So what makes the Accord such a great car? To begin with, it's relatively affordable compared to other models. The four-cylinder version starts at about $22,000, with the higher-end versions, featuring plug-in hybrid engines as well as conventional gasoline hybrid 6-cylinder motors, retail for about $40,000. In addition to improved fuel efficiency, the Accord offers all of the modern amenities that you would expect to find in a luxury car package, yet it comes at a much lower price than competing models from companies like Mercedes and BMW.

One of the features that makes the plug-in hybrid version of the Accord one of the most environmentally friendly cars is that it can travel up to 12 miles on its battery without engaging the gasoline engine, making short trips and errands much more efficient. Plug-in hybrids have been experiencing tremendous growth over the last two years, and the 2014 Accord is likely to accelerate that trend even further.

LifeIsGreen.com is your number one source for news and information about green vehicles, so keep checking back!

Efficiency software maker plans IPO

Analysts looking for an investment in green energy solutions that could pay big dividends down the road may want to take a look at Opower, Inc.

Right now, the biggest story on Wall Street is the initial public offering (IPO) of social media site Twitter. But analysts looking for an investment in green energy solutions that could pay big dividends down the road may want to take a look at Opower, Inc., a software developer that is planning to do its own IPO sometime in the near future according to the Wall Street Journal.

Opower designs computer programs that help utility companies promote energy efficiency with their customers. Electric companies contract with Opower to use its software to monitor customers' power usage, then send text messages, emails or phone calls to let rate payers know how much energy they're using compared with their neighbors.

The company's applications have already been used by 90 power companies, representing 22 million customers all over the world. Opower estimates that its software has helped these energy users save 3 terawatt-hours of electricity, the same amount of power it would take to run Las Vegas for a year.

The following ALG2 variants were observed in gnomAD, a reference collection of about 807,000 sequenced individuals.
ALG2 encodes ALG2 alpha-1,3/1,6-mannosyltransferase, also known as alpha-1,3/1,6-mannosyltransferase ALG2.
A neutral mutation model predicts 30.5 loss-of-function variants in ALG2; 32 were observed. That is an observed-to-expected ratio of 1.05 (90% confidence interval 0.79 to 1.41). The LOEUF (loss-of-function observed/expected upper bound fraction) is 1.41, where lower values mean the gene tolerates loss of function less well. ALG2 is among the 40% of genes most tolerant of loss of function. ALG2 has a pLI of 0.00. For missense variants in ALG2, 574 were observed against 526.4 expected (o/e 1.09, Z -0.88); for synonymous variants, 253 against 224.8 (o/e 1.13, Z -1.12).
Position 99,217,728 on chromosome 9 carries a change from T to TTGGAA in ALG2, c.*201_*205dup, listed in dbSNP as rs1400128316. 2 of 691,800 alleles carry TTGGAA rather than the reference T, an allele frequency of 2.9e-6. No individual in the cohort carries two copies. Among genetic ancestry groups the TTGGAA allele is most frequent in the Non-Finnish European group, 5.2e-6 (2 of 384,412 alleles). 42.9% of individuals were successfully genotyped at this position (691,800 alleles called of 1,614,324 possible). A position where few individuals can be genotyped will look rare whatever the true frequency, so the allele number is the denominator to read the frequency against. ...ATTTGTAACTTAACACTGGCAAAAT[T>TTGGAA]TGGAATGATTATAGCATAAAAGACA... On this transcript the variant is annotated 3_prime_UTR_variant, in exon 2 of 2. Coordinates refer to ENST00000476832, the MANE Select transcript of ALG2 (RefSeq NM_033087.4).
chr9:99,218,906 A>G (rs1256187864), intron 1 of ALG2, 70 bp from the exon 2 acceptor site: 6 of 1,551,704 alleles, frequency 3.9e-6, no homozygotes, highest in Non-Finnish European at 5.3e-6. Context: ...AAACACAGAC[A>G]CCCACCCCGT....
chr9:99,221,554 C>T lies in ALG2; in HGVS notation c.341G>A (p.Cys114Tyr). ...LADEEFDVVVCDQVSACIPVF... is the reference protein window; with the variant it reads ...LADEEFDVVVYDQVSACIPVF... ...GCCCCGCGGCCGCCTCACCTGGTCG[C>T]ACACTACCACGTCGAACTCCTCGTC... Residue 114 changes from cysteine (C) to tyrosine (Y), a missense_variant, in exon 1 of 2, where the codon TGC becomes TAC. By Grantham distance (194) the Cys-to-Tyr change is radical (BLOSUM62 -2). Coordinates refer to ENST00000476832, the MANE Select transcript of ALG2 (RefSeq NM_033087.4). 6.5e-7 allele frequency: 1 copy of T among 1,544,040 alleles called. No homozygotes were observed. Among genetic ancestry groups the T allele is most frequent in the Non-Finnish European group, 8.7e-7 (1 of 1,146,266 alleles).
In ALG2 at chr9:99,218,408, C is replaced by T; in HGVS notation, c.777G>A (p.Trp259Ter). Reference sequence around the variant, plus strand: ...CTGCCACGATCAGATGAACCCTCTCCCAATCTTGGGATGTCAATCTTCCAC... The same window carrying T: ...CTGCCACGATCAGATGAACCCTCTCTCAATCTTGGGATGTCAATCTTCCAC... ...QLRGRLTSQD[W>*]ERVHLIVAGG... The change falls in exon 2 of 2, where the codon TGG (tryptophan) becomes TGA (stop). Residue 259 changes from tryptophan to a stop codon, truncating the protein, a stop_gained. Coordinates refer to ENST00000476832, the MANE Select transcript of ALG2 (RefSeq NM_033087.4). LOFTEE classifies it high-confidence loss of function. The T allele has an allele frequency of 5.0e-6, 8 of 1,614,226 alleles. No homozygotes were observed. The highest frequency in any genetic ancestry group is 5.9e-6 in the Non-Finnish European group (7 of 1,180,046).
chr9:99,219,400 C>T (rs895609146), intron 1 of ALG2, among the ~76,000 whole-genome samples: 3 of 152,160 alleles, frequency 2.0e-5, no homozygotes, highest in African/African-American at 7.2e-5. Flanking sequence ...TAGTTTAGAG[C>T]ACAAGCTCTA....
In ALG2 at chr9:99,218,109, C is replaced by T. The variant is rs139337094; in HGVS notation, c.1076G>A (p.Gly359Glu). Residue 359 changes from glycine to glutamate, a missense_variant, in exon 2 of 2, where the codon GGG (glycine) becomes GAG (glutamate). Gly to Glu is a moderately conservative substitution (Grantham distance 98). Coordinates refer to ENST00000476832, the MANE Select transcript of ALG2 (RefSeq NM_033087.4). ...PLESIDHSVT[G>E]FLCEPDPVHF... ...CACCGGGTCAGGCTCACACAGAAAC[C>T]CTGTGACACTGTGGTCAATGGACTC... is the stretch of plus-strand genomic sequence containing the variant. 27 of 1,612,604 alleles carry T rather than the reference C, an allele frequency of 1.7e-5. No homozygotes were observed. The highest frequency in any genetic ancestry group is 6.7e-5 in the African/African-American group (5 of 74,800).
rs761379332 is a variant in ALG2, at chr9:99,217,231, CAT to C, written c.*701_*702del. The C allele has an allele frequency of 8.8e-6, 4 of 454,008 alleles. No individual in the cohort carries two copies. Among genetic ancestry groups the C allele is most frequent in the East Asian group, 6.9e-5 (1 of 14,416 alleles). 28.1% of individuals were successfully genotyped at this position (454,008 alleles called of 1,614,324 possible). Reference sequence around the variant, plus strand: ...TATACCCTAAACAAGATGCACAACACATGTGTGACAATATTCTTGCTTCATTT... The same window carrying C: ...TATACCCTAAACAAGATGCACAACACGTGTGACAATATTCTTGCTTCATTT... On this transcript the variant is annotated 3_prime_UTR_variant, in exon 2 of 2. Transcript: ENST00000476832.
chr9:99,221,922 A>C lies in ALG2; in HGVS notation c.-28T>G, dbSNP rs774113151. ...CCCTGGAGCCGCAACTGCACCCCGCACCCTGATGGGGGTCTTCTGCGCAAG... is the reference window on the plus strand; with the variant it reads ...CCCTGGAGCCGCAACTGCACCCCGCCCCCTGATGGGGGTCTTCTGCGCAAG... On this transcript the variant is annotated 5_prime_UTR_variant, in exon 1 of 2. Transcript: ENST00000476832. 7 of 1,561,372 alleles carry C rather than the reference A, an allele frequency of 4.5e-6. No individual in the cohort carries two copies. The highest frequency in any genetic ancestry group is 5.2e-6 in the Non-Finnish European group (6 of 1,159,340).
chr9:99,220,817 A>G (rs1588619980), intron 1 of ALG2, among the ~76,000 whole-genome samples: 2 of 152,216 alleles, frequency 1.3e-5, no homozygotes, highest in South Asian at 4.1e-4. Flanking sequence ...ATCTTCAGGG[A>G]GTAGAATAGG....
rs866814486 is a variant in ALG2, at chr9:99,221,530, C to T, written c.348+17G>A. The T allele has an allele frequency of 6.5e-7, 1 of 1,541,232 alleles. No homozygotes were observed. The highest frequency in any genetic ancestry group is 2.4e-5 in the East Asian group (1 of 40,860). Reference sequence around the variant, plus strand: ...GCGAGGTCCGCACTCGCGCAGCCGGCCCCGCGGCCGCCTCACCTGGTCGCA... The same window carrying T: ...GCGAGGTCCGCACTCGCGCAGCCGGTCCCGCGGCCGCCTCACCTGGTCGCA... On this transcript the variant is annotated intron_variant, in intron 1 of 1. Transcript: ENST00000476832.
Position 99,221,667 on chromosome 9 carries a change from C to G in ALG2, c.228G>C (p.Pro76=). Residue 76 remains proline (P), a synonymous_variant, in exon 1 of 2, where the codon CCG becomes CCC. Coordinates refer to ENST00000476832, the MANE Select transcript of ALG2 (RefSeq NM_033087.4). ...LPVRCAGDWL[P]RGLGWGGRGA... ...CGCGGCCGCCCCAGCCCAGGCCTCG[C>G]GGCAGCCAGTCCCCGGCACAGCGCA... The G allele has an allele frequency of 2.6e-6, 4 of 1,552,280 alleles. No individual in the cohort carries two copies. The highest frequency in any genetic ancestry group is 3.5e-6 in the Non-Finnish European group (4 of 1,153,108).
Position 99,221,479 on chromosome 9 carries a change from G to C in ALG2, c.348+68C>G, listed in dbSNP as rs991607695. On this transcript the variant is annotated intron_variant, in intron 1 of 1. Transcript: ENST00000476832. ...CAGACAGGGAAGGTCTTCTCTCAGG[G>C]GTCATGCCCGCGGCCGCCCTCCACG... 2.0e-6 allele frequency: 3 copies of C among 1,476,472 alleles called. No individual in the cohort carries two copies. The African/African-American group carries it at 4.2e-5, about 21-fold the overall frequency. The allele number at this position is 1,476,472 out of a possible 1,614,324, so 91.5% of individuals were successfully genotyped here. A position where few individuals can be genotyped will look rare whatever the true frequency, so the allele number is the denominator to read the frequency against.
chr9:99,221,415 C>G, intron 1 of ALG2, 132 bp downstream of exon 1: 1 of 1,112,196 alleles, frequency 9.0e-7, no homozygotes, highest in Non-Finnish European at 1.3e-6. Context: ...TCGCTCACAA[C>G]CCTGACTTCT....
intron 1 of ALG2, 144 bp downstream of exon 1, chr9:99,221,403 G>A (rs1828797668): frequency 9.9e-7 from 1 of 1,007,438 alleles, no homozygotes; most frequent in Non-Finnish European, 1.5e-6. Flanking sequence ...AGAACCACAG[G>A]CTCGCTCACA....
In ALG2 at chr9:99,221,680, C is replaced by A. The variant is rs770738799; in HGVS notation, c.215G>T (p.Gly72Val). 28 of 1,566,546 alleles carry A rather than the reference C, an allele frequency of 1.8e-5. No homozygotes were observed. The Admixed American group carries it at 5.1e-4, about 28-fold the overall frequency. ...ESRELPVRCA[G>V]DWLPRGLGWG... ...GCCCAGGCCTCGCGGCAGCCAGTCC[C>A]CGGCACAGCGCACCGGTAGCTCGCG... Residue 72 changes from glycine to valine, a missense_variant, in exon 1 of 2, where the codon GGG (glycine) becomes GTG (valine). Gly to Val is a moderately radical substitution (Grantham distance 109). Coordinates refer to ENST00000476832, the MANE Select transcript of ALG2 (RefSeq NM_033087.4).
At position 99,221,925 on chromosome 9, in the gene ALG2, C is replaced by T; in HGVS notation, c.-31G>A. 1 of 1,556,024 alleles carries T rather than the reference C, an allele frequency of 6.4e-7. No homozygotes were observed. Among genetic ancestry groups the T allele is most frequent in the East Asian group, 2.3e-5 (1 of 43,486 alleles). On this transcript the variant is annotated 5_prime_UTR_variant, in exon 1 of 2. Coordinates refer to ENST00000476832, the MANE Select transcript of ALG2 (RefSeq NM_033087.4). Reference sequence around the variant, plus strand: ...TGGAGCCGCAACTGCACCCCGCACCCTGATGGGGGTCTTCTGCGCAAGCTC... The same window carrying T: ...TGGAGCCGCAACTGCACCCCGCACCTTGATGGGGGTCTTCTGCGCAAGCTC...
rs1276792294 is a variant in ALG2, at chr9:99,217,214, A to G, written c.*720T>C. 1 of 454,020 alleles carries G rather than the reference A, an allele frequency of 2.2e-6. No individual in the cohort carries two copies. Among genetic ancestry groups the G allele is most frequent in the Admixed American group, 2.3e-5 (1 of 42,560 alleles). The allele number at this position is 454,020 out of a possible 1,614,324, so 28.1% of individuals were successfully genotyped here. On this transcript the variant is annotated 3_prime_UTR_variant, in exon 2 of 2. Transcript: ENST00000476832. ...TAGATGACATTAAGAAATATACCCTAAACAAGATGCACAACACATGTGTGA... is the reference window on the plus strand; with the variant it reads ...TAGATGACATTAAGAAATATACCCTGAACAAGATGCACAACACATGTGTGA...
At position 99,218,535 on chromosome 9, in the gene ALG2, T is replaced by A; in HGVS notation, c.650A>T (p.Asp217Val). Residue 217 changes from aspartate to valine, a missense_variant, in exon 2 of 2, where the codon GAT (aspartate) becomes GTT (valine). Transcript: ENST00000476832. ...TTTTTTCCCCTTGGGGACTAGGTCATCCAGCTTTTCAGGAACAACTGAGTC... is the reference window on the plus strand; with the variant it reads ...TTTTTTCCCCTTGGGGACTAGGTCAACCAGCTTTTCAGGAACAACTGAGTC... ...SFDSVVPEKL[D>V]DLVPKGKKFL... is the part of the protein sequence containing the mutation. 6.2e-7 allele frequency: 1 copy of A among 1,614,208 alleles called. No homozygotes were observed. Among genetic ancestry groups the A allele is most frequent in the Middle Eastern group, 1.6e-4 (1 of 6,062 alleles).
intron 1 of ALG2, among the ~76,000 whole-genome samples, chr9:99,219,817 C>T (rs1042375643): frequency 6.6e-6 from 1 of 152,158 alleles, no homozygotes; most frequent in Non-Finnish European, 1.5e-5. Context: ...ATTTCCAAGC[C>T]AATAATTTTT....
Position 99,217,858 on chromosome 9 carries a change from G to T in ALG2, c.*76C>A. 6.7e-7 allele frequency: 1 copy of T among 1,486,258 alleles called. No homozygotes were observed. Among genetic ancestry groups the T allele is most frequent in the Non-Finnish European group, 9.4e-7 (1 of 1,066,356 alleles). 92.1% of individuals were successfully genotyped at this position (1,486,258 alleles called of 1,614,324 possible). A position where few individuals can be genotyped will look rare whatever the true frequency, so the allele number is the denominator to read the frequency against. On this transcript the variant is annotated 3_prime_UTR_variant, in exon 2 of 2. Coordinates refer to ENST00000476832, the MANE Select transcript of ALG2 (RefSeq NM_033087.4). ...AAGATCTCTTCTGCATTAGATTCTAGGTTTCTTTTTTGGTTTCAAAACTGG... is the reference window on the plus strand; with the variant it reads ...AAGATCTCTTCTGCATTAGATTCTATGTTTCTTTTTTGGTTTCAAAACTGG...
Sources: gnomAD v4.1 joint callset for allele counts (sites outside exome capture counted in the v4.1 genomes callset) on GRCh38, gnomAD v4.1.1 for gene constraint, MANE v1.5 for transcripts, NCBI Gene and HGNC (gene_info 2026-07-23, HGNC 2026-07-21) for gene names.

Opower was founded in 2007. It's unclear what its valuation will be, but the company's CEO stated in 2010 that he had signed two contracts worth $30 million. It has also saved customers about $350 million in energy expenses, so it's clear that the product provides considerable value to both utilities and rate-payers.

Investment opportunities in green technology don't always get as much airplay as those offered by companies like Google and Facebook. However, given that the United States' energy priorities are moving in the direction of renewables while moving away from oil and fossil fuels, the savvy investor may want to consider putting some money in companies that are taking advantage of those markets early, before the rest of the financial industry takes notice.

LifeIsGreen.com will continue to provide you with news and information about green business ideas, so keep visiting!

Will Smart Lighting Revolutionize Energy Consumption?

In the past, we’ve written many alternative energy articles about the growth of renewable sources such as solar and wind, and how these technologies can eventually replace fossil fuels as our principle sources of electricity.